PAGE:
fri 03/07/2020

Stolen, BBC One | reviews, news & interviews

Stolen, BBC One

Stolen, BBC One

A drama about child trafficking is as much infomercial as procedural

Sporting a demotic accent, Damian Lewis talked softly to children and loudly to suspects

Mainstream television drama has always shone a searching beam into the Stygian murk of society’s ills. But however laudable its campaigning credentials, a drama’s first duty to its audience is to work as drama. Cathy Come Home changed the public perception of homelessness, unemployment acquired a catchphrase in Boys from the Black Stuff, and institutional racism met its match in The Murder of Stephen Lawrence. But we know them first and foremost as great television. Last night Stolen tackled child trafficking, the pernicious growth industry annually accounting for the movement of £12 billion per annum and 1.2 million children. That’s what it said over the credits at the end. Whether the preceding 90 minutes shed much further light is open to question.

The drama featured three children trafficked to this country from various parts of the world. Innokentjis Vitkedvics (pictured below) gave a remarkable performance as Georgie, a feisty Ukrainian redhead with a ponytail who whooped with delight as he arrived in London, only to find himself working as an unpaid skivvy in a hostel for the homeless. Kim Pak (Huy Pham) from Vietnam was effectively imprisoned in a suburban house that doubled as a marijuana plantation. And at the heart of the drama was Rosemary (Gloria Oyewumi), a Nigerian stripling initially found by the police and placed in a foster home, only to escape and call her traffickers as instructed on pain of death.

Damian Lewis sporting a crewneck and a demotic accent played DI Carter, the cop tasked with bringing culprits to justice, principally the suave Nigerian slaver (Nonso Anozie) who sold Rosemary into domestic slavery for £4000. To do so he had to emit trustworthiness and righteousness in equal portions, which in Lewis’s case meant talking very softly to children and very loudly to suspects.

stolen1To raise the emotional stakes, and give him a personal stake in the unfolding narrative, Stephen Butchard’s script gave DI Carter his own young daughter and flirted with the idea of having her kidnapped and your intelligence insulted. That it turned out not to happen was a mercy, but as bait she still had her dramatic uses. When Anozie was called in for questioning he seemed bafflingly happy to make do without a lawyer as he swatted away accusations. Then for some inexplicable reason he decided to threaten Carter’s daughter (“I believe you too have a little girl”) causing Carter to ignite, twice. Perhaps traffickers make such threats to the police in real life. They probably tend to do it more often after the watershed on BBC One.

The two supporting subplots were included largely to illustrate by bullet point the various potential outcomes in trafficking cases. Georgie, whose case entirely evaded the police’s radar, was thrown onto the street and, after railing at a statue of Queen Victoria and crying heartrending tears, was casually and implausibly knifed by a passing schoolkid. Kim Pak refused to blow the whistle on his boss and was free to disappear into society. As for Rosemary, she was rescued as a Somali former sex slave chose to testify against her trafficker. By the end you knew an awful lot more about child trafficking and, thanks to some eyecatching performances from young actors, the terror experienced by its victims. But in a drama (directed by Justin Chadwick) that didn’t quite know if it was a propulsive thriller or a laudable infomercial, you were nowhere near the edge of your seat.

The two supporting subplots were included largely to illustrate by bullet point the various potential outcomes in trafficking cases

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Comments

As someone who works within the field of tackling serious and organised crime I disagree with Mr Rees comments. I believe that you would have to have a very cold, hardened heart to not have been moved or left on tenterhooks by the scenarios portrayed in this drama. Admittedly, the restrictive running time of 90 minutes in which to fairly represent the three victims' scenarios meant that some storylines were cut short too hastily. I also refuse to believe - and found the suggestion unfair - that not one passer-by would rush to the aid of a distraught or injured child. However, in a world where so much time, attention and budget (police and TV!) is dedicated to drugs trafficking, it was an important and timely move to depict an alternative form of serious and destructive crime, which all too often slips under the radar... For the police and TV...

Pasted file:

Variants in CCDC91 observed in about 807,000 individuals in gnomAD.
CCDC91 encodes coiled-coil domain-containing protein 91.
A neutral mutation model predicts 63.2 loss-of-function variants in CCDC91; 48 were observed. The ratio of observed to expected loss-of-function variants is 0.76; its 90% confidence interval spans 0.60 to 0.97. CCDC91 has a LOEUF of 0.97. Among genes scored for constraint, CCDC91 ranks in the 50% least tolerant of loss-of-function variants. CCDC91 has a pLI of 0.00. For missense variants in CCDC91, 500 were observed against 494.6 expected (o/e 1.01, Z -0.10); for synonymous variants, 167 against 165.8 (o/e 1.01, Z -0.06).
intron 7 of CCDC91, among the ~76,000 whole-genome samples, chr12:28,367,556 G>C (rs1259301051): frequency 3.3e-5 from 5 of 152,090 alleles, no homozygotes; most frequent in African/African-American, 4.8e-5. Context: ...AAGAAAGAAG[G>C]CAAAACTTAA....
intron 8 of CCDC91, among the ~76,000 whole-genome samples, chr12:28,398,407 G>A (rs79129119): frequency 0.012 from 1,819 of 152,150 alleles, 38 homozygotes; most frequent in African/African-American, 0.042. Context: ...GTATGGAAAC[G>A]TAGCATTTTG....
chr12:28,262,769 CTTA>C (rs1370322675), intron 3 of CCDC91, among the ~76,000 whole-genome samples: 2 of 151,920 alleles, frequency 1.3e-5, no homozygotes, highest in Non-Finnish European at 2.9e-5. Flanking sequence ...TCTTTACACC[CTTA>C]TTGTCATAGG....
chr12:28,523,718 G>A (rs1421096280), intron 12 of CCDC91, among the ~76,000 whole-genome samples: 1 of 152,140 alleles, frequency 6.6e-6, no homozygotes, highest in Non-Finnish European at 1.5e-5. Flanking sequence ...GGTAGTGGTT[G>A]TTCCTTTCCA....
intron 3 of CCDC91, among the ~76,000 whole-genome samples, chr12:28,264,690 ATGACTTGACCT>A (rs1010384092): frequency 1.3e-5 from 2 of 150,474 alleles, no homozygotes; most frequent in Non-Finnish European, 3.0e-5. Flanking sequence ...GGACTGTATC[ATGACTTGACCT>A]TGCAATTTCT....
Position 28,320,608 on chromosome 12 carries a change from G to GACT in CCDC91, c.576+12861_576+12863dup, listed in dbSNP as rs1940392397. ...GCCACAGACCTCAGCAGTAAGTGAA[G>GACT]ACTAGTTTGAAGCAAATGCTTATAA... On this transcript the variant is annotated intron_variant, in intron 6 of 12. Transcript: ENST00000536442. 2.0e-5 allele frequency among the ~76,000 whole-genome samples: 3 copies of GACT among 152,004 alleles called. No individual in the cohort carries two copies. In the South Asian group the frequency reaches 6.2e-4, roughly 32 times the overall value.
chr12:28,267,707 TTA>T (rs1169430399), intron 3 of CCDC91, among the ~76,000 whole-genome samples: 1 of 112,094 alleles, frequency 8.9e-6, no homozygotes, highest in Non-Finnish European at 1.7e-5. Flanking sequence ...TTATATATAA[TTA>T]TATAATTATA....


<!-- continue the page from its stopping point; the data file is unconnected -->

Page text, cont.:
Completely disagree with Jasper Rees' review. I thought Stolen was a well-made drama given running time constraints. I was especially moved by Georgie's story and cannot get the poor child out of my head. It broke my heart to see the little boy so upset by the statue of Queen Victoria. Being implausibly knifed by feral schoolkids is an everyday occurence in Britain so good on Justin Chadwick for contrasting the determination and grit of foreign youth to our homegrown trash. Superb performances from the child actors.

I thought the show tried to show different scenario's as well as it could in the time allowed and certainly felt the tension in the script.The children's ability to act was a credit to them. Although I have helped a child obviously lost in a shopping centre by taking her to the help desk where an ungrateful parent soon arrived to collect her. 30 years ago as a young foreigner, I was crying distraught on the underground trying to get to a hospital where I thought someone I knew could help me. I had had surgery and been in there for two months. (My G.P was trying to take advantage of me while I was having a breakdown after having an operation and learning I had five years to live and worried if I died without telling my brothers my father had abused me for years that their future children would be at risk.) I was aware enough in the fog of my mind to notice people were watching but the only one who approached me was a dirty old drunk intend on attacking me, I broke in to a run when I heard his breath and odd predatory laugh near the back of me.All the people had gone as my movements had up until than been so slow. It felt like I was being hunted because I was aware he had picked me out of the crowd because I was vulnerable. The nurse I wanted to speak to was away. So yes unfortunately I do think people could ignore a crying child. I was 21 but looked about 16 at the time. I also walked in to a wall in the office where I worked and when I tried to talk I wasn't making much sense instead of helping me the girl I spoke to just told the other girls and I was avoided. I got through the time by concentrating on my work as I did not want to end up in a mental hospital after already having been ill for many months.